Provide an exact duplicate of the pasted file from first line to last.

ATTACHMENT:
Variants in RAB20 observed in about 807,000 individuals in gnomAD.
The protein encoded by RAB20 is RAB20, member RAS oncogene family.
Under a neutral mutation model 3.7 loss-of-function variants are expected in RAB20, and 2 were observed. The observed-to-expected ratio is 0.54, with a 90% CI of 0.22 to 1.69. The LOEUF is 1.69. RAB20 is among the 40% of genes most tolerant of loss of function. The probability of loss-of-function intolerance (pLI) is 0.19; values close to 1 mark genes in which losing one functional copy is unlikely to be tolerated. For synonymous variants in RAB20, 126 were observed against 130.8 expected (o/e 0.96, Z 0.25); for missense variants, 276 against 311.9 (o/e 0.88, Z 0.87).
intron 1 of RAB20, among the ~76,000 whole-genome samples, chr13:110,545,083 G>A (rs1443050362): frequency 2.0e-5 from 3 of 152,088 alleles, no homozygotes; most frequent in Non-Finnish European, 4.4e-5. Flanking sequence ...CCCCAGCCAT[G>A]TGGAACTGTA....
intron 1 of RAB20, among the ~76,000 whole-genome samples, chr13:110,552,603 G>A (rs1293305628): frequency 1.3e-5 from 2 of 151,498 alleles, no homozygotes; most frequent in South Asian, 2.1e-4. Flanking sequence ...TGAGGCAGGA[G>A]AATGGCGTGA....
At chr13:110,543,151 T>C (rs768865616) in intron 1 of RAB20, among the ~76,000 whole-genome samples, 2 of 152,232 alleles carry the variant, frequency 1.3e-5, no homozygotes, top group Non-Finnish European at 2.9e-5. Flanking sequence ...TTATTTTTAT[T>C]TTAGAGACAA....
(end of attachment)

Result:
Variants in RAB20 observed in about 807,000 individuals in gnomAD.
The protein encoded by RAB20 is RAB20, member RAS oncogene family.
Under a neutral mutation model 3.7 loss-of-function variants are expected in RAB20, and 2 were observed. The observed-to-expected ratio is 0.54, with a 90% CI of 0.22 to 1.69. The LOEUF is 1.69. RAB20 is among the 40% of genes most tolerant of loss of function. The probability of loss-of-function intolerance (pLI) is 0.19; values close to 1 mark genes in which losing one functional copy is unlikely to be tolerated. For synonymous variants in RAB20, 126 were observed against 130.8 expected (o/e 0.96, Z 0.25); for missense variants, 276 against 311.9 (o/e 0.88, Z 0.87).
intron 1 of RAB20, among the ~76,000 whole-genome samples, chr13:110,545,083 G>A (rs1443050362): frequency 2.0e-5 from 3 of 152,088 alleles, no homozygotes; most frequent in Non-Finnish European, 4.4e-5. Flanking sequence ...CCCCAGCCAT[G>A]TGGAACTGTA....
intron 1 of RAB20, among the ~76,000 whole-genome samples, chr13:110,552,603 G>A (rs1293305628): frequency 1.3e-5 from 2 of 151,498 alleles, no homozygotes; most frequent in South Asian, 2.1e-4. Flanking sequence ...TGAGGCAGGA[G>A]AATGGCGTGA....
At chr13:110,543,151 T>C (rs768865616) in intron 1 of RAB20, among the ~76,000 whole-genome samples, 2 of 152,232 alleles carry the variant, frequency 1.3e-5, no homozygotes, top group Non-Finnish European at 2.9e-5. Flanking sequence ...TTATTTTTAT[T>C]TTAGAGACAA....